In another time in a different timeline last night might be remembered as one of the greatest nights in Canadian club soccer history.
Admittedly there’s not a lot to compete with, at least recently, but the two semi-finals of the Amway Canadian Championship ( the Voyageurs Cup to those that care) between Montreal and Edmonton and then Vancouver and Toronto had everything.
High drama, passion, comebacks, plenty of goals (9 between the two games), heroes, villians, plenty of Canadian players in starring roles and finally a penalty shoot out to end the evening.
Unfortunately the conversation during and after both games centred on the officiating – in Montreal a last minute penalty awarded to the Impact tipped the balance in a game that had swung in favour of both teams at certain points. In Vancouver the all important first goal of the match from Toronto had hints of not just being a foul but being offside as well.
The cries of “the fix is in” especially in the Montreal – Edmonton game were long and loud as a few of the more vocal on social media were (are) convinced the Canadian Soccer Association wants nothing different than a Toronto – Montreal final year after year.
Despite the fact that the idea of the same teams competing in the final year in and out quickly becomes stale and actually works against the popularity of the competition we’ve reached that unfortunate point in the game where crying “it’s fixed!” carries way more plausibility than it should.
Instead of considering the possibility that a referee in a highly stressed situation may have missed something or been undone by the pressure of the moment people jump to the conclusion that a national federation is conspiring to arrange a final of a competition that still barely registers for anyone other than those directly involved.
The reality is mistakes were made. The errors though coming to light after being magnified a thousand fold through dozens of slow motion replays dissected by arm chair critics like a modern day Zapruder film.
In Montreal it was the endless “ball to hand – hand to ball” situation. We’ve seen them given as they say – equally we’ve seen them not given and in a moment of pressure in this case the ref gave it.
Edmonton coach Colin Miller also thought his team was robbed.
“(Two Edmonton players) saw one of our players with his hands behind his back. And the ball hit him here,” said Miller, pointing to his shoulder. “The referee then went to the wrong player to tell him it hit him.”
Miller was livid with referee Drew Fischer after the game, and confronted the official as he was leaving the pitch.
Impact president Joey Saputo then jumped onto the field and got into a screaming match with Miller embarrassing both themselves and their organizations.
It was an inglorious end to a tremendous game that had seen the Impact storm out to a 3-0 lead (4-2 on aggregate) only to see the Eddies grab two and take the edge on away goals before the decisive late penalty.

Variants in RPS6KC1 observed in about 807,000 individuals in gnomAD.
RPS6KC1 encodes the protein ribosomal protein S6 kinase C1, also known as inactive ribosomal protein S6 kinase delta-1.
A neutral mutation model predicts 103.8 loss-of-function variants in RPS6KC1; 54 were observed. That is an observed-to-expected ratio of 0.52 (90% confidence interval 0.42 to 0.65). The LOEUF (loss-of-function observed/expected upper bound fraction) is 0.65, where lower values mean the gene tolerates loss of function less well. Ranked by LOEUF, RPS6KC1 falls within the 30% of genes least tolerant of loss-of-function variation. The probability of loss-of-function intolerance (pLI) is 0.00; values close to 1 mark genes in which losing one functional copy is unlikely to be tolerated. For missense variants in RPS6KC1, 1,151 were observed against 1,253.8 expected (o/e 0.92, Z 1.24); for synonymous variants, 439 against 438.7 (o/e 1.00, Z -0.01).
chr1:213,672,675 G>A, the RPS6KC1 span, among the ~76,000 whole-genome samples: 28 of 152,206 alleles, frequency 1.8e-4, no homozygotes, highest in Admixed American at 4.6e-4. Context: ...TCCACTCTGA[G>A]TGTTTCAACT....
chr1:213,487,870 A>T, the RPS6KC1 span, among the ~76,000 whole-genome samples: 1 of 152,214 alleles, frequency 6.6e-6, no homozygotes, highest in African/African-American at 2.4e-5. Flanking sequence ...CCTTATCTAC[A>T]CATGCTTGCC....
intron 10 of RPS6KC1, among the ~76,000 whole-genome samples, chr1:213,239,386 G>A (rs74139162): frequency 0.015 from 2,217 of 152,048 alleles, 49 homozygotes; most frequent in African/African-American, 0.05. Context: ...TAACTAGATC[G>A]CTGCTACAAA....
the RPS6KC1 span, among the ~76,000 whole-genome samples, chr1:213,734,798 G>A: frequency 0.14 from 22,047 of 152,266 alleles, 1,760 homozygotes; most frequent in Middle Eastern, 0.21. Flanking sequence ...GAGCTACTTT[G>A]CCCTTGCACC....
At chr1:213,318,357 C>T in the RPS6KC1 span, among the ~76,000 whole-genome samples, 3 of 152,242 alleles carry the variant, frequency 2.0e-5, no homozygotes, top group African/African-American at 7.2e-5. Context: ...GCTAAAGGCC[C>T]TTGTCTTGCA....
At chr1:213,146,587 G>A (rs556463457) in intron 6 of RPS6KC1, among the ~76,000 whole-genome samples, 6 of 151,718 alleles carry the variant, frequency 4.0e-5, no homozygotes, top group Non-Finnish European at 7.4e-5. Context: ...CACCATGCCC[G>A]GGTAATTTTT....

In Vancouver a wide open affair was decided on penalties after the Whitecaps were up 2-1 at the end of regulation and extra time tying the series at 3-3 on aggregate in more than 18,000 boisterous fans who were treated to a wide open end to end affair that had a little of everything including it’s own Zapruder moment.
Toronto opened the scoring in the fourth minute off an innocent-looking free kick. Michael Bradley floated a ball into the Vancouver 18-yard box from near the halfway line that the 17-year-old goalkeeper Marco Carducci failed to collect after coming together with Toronto’s Nick Hagglund.
The ball came off Hagglund or Carducci – I’ve watched half a dozen times and I’m still not completely sure – went off the crossbar where Doniel Henry waited to prod the ball it into the goal. Now depending on who that ball touched Henry was either offside or he wasn’t and depending on how much you think goalkeepers should be protected when going after high balls it was or it wasn’t a foul on Hagglund.
Again in an instant decisions were made by officials who in reality don’t face enough of these kinds of pressure decisions at this level. Not through any fault of their own – it’s just where the pro game and pro refereeing is at this point in it’s development in Canada. We need to make it better.
Fortunately by the time penalties rolled round in Vancouver the incident was mostly pushed down the long list of talking points in what was one of the most entertaining games we are likely to see on Canadian soil (or at least turf) this year.
Could things have been better last night from an officiating point of view? Certainly, but like players and coaches that is always the case in this game – there are hundreds of errors both large and small in every game there is always room for improvement.
The challenge as observers is to accept and acknowledge this but also not to lose sight of the fact that our little cup competition is growing up and we were treated to two dramas last night that would not be out of place anywhere in the world.
We’ve reached that magic point where people care – enjoy it.